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Wide variance in educational attainment between counties

The top ten counties in Alabama for educational attainment are Madison, Shelby, Lee, Jefferson, Baldwin, Montgomery, Tuscaloosa, Autauga, Coffee and Elmore.


A recent analysis by the Public Affairs Research Council of Alabama shows a wide variance in educational attainment between Alabamians residing in different counties.

According to the PARCA research, across the state, 10 percent of Alabamians over the age of 25 have earned a master’s or higher-level degree. Sixteen percent of the adult population has just a bachelor’s degree. Just 9 percent of adult Alabamians have an associate’s degree.

Nearly 22 percent of Alabamians have attended college but did not earn a degree, and 31 percent of Alabamians have earned their high school diploma or GED but did not receive any education beyond that.

Ten percent of adult Alabamians have finished the ninth grade or higher but have not gotten a diploma or GED. Just 4 percent of Alabamians 25 or older dropped out of school without at least finishing the ninth grade.

At least 35 percent of Alabamians have at least an associate’s degree. By comparison, 20 percent of the adult population in Massachusetts has a master’s degree or above and 24 percent have at least bachelor’s degree. Factoring in the 8 percent with associate’s degrees, 52 percent of Massachusetts adults have some sort of degree versus just 35 percent of Alabamians.

Alabama is 44th in educational attainment. West Virginia is 51st with 30 percent — 22 percent with a 4 year degree or above. Georgia, largely due to the success of the HOPE scholarships, has 40 percent of the population with a degree two year or above. Mississippi is at 33 percent. The national average is 39.9 percent.

The PARCA study also breaks it down into county-by-county differences. The top ten counties in Alabama for educational attainment are Madison, Shelby, Lee, Jefferson, Baldwin, Montgomery, Tuscaloosa, Autauga, Coffee and Elmore.

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In Madison County, 8.1 percent of adults have an associate’s degree, 25.7 percent have earned at least a bachelor’s degree and 16 percent have a master’s or higher degree. More than 20 percent have some college but no degree, 20.8 have a high school diploma with no education above that, 5.9 percent finished the ninth grade and 2.9 percent dropped out in the ninth grade or earlier.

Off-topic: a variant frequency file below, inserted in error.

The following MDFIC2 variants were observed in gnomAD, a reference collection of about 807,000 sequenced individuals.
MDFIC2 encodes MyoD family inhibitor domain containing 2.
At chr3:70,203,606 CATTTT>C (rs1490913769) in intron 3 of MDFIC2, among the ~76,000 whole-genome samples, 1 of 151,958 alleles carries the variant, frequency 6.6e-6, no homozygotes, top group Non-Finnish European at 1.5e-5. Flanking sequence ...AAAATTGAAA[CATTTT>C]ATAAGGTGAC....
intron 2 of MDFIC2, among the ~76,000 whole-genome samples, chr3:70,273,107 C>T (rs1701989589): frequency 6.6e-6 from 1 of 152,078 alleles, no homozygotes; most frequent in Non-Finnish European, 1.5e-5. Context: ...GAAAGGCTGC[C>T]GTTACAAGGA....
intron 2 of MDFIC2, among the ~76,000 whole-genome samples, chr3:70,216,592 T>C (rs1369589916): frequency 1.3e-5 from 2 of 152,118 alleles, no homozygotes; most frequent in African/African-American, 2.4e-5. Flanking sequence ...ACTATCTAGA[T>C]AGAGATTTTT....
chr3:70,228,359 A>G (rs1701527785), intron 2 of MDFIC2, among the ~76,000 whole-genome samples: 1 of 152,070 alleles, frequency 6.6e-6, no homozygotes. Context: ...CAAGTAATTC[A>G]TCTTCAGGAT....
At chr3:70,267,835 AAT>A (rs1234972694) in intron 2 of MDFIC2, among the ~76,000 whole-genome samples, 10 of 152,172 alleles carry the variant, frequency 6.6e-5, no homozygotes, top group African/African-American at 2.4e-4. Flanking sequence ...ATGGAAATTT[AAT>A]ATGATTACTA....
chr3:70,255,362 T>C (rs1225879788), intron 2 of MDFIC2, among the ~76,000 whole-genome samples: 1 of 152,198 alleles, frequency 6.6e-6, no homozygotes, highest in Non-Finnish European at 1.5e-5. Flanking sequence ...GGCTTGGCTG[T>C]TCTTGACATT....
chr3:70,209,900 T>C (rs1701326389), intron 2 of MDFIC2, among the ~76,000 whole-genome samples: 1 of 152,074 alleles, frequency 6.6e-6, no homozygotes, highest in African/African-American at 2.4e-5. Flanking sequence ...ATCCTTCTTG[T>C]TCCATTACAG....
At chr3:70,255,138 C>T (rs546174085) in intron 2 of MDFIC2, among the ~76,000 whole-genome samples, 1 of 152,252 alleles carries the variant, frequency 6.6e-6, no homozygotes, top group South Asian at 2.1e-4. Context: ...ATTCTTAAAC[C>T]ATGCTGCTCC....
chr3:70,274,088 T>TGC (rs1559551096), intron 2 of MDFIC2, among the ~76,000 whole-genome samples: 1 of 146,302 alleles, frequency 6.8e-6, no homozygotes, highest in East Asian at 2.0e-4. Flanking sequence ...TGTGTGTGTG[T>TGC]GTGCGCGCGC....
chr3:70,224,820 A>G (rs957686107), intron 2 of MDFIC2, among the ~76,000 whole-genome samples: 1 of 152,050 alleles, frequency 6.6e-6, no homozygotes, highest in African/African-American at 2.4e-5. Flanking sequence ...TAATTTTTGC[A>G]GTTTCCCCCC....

Nearly 50 percent of adults in Madison County older than age 25 have earned at least a two-year degree. Madison County is followed by Shelby County with 49.5 percent, Lee with 43.1 percent, Jefferson with 40.7 percent and Baldwin at 40.7 percent. These are the only five counties that are above the national average.

The bottom 10 counties for educational attainment are Wilcox, Bibb, Greene, Coosa, Cleburne, Bullock, Lawrence, Conecuh, Barbour and Washington. Wilcox is in 67th place for educational attainment and is also regularly one of the state leaders in its unemployment rate. Just 3.6 percent of adults in Wilcox County have a master’s degree or above, just 8.9 percent have completed their four-year degree and only 4.8 percent have even an associate’s degree. Just 17.3 percent of the adult population in Wilcox County has any sort of degree. That is 22.6 percentage points below the national average. Nearly 20 percent of adults in Wilcox County have attended college but did not finish, and 40.3 percent has a high school diploma or the equivalent but no college. More than 16.5 percent finished the ninth grade but did not get a diploma or GED. Nearly 10 percent did not finish the ninth grade.

Educational attainment is a concern because the fastest growing professions generally require more education than simply a high school diploma. Gov. Kay Ivey is trying to increase the percent of the workforce with at least a two-year associate’s degree or the technical training equivalent of a two-year associate’s degree.

Many high-paying technology jobs require a two year or even a four-year degree or above. It is difficult for the state to recruit those sorts of employers to counties where the workforce is not competent to fill the positions. Those sorts of employers often have to recruit employees from far outside the county or even the state.

Even manufacturing jobs are increasingly high tech as new factories use more robotics and automation than the factories of the past. Today’s high-paying jobs require more knowledge, skill and technical competence than the factory jobs of the past.

Brandon Moseley is a former reporter at the Alabama Political Reporter.

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